Free and fair elections are the very bedrock of democracy, where no group is disadvantaged in any manner or denied, by subterfuge, coercion or any other devious design, the basic right to vote fearlessly and in accordance with the individual choice. For this, the Constitution of India has tasked Election Commission (EC) and laid down the rules of the game in the Representation of the People Act, 1950 and 1951.
The EC has to operate within the framework of the Act. Yet in the case of serving defence personnel, the successive ECs have deviated deliberately from what the Act lays down.
The Act, in unequivocal terms, states that: "Any person having service qualification shall be deemed to be ordinary resident on any date in the constituency, but for his having such service qualification, he would have been ordinary resident on that date (Part 111, Section 20, subsections (3), (5) and (8))."
The Act defines "service qualification", which means being member of the armed forces of the Union (Part 111, Section 20, subsections (3), (5) and (8)).
The wife of such a soldier when residing with him too will be considered "ordinary resident" in that constituency. Changes in the provisions of the Act can be made only by the government in consultation with the EC.
However, every Election Commission has violated this provision and denied the soldier his right to partake in the electoral process of the country, in whose defence he stands committed and, when required, to even to lay down his life.
The EC has comprised retired and tired bureaucrats invariably, who have been carrying forward the bureaucratic bias against the defence services and disadvantaging them in whatever manner possible.
Successive ECs have continued to misinterpret the Act to exclude, to the extent possible, the defence forces from full participation in this democratic process.
To circumvent this provision in the Act and acting on their own and with no legal provision, the successive ECs have been applying the "postal ballot" rule, given in the Act, to defence personnel, though this provision is applicable only in the case of Indians citizens living or posted abroad and to those under preventive detention.
When the illegality in the applicability of the postal ballot for defence personnel was pointed out, a committee of secretaries was constituted, which after deliberating over the issue for three years, came up with the proposal of "proxy voting" for defence personnel.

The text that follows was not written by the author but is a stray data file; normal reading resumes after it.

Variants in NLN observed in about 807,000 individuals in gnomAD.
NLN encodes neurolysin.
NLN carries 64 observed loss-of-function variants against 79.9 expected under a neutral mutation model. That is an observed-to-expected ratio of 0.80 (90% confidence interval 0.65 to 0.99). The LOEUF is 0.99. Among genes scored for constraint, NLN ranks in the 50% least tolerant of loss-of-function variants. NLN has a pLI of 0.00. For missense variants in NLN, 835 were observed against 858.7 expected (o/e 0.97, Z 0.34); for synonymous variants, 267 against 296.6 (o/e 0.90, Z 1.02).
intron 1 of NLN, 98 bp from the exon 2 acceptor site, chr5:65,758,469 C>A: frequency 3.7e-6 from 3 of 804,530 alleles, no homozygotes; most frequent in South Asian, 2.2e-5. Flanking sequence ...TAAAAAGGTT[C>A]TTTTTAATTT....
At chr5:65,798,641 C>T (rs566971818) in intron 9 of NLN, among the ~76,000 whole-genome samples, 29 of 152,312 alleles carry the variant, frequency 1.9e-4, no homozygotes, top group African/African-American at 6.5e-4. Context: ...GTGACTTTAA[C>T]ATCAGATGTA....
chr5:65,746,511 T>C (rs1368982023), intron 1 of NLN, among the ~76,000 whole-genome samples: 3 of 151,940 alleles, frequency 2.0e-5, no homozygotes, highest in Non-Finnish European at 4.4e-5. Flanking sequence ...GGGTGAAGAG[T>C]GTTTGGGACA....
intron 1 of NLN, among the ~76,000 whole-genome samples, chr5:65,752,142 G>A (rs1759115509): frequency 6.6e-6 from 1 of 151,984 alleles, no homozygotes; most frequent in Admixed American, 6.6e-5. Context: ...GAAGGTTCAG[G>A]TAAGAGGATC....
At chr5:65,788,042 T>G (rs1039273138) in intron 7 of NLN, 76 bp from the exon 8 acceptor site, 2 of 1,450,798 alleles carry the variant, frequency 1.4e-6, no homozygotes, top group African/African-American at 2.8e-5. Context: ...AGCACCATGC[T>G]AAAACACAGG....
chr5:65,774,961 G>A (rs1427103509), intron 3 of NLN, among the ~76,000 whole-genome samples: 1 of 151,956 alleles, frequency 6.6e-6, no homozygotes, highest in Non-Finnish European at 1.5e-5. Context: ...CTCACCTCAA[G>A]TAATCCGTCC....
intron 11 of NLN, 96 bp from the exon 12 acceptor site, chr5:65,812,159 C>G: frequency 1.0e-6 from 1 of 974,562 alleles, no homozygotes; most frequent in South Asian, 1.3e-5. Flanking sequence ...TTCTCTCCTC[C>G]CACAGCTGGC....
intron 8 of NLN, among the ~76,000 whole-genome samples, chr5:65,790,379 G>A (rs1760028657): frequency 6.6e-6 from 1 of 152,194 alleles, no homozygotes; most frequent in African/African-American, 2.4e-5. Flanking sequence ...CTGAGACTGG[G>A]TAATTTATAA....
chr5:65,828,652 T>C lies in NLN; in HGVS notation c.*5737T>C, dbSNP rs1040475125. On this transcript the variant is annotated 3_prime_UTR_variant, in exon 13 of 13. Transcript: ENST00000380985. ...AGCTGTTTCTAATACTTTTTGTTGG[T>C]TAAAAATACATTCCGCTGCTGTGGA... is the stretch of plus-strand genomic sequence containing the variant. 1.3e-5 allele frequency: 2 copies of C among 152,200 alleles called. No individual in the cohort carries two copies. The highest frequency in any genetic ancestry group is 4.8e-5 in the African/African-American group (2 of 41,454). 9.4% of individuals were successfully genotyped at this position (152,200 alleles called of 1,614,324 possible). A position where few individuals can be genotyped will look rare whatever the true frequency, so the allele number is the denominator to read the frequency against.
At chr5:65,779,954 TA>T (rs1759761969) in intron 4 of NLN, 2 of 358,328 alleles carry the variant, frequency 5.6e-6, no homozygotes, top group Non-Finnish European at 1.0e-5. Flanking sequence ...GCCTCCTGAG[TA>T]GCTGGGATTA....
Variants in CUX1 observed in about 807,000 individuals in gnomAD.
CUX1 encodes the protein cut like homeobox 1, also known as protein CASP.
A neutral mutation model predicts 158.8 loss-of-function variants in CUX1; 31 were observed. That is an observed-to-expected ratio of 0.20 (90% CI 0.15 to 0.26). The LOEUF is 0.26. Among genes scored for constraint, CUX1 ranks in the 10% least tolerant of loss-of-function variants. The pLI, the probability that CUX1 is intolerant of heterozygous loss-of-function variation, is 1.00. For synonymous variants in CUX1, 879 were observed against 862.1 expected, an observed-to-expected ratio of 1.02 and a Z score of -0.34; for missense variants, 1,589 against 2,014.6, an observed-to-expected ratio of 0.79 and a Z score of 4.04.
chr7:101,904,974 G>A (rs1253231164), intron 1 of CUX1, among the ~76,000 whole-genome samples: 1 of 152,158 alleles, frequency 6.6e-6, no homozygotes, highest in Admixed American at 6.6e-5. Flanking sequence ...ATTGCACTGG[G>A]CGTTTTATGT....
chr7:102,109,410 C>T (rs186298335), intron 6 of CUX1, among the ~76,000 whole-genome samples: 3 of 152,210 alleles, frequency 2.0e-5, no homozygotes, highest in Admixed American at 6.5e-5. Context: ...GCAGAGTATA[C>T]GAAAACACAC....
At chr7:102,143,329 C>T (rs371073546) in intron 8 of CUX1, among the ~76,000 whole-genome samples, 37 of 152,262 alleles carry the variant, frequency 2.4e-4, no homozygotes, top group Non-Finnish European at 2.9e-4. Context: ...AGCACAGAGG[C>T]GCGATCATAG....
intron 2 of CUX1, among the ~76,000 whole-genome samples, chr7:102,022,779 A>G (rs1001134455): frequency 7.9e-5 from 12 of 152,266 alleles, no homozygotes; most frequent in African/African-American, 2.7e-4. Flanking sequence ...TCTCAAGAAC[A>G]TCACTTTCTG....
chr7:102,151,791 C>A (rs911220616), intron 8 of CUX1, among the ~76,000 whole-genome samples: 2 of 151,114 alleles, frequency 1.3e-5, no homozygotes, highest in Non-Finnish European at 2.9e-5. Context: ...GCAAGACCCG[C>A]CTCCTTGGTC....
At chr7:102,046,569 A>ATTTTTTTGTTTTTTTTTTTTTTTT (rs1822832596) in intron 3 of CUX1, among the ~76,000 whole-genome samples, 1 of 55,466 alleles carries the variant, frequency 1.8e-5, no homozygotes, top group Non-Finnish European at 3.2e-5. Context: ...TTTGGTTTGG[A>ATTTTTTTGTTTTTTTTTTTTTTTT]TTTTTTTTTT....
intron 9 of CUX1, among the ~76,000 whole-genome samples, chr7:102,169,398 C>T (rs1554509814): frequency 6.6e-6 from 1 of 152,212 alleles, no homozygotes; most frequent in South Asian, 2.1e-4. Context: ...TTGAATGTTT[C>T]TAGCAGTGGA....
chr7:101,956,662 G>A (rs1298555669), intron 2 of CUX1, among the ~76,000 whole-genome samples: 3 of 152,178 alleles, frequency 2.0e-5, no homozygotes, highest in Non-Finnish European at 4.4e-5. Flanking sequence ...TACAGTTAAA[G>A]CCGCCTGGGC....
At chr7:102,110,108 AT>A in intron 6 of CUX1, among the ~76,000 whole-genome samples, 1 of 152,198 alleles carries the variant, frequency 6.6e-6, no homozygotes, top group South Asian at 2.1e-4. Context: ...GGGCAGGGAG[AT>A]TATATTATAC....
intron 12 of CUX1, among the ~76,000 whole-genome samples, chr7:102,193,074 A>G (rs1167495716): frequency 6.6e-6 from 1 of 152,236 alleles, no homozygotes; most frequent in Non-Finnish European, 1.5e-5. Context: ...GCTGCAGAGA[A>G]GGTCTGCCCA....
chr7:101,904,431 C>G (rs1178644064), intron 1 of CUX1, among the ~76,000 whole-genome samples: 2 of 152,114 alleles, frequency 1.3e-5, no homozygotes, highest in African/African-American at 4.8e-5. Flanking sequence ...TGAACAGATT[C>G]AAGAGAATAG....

Vide subsection (b) (i and ii ) of Section 60 in Chapter 1V, proxy voting cannot be made applicable to defence personnel.
In 1996, for nearly 15 lakh defence personnel, only 2.7-lakh ballot papers were received at the record offices and the figure dropped to 2.6 lakh in 1997. Of these dismal figures, the number of ballot papers that reached their final destination eventually to be counted in the constituency of permanent residence has never been disclosed.
Considering the limited time available between the announced of the elections and the polling date, and the time it takes for the ballot paper to travel the full circle, only a few ballot papers would have come to be counted.
Further there is nothing in the Act that enjoins the Election Commission staff at the constituency to dispatch the ballot papers on time to the individual's record office.
When the case came up before the Supreme Court, the EC tried to defend the indefensible; and on being cornered completely, brought in the condition of three-year stay at the place, as also it would encourage political parties to seek campaigning right in cantonments and further allowing soldiers to vote in the remote areas would change the demographic complexion of that place dramatically.
These were all fallacious arguments and highlighted merely the deep-seated bias of the EC against the defence services. Surely, Election Commission would have known about the turbulence in an Indian soldier's life, and that he is rarely at the same station for more than two years.
The court asked for the basis of fixing the three-year rule for service personnel, to which the EC had no answer.
In a remote area, a particular number of defence personnel are there permanently and have a stake as ordinary residents in its development and removal of irritants that alienate the local population, because the defence personnel will have to face the fallout finally of this alienation.
In cantonments, there are civil areas where political parties can be allowed to hold rallies etc., and the military personnel who wish to attend can do so in civil dress.
The Supreme Court was constrained to remark that: "It is a strange situation. On the one hand, the EC wants every adult to be registered as a voter and encourages 100% voting, but on the other hand, it has taken a stand that deprives lakhs of armed forces personnel of their precious right to vote."
The Supreme Court was constrained equally to point out that the EC approach was obstructionist.
For more than six decades, the successive ECs have been violating the Act by devising a method that ensured that defence personnel are denied their right to vote.
This has kept the political class oblivious of the problems of defence personnel, and as such it could make no effort to remedy the ills confounding them. It is time that the new government lays down the "rules of conduct" for the EC as well as review the method of selection.
(The writer, former deputy chief of the army staff, is a commentator on security and defence issues. Views expressed are personal.)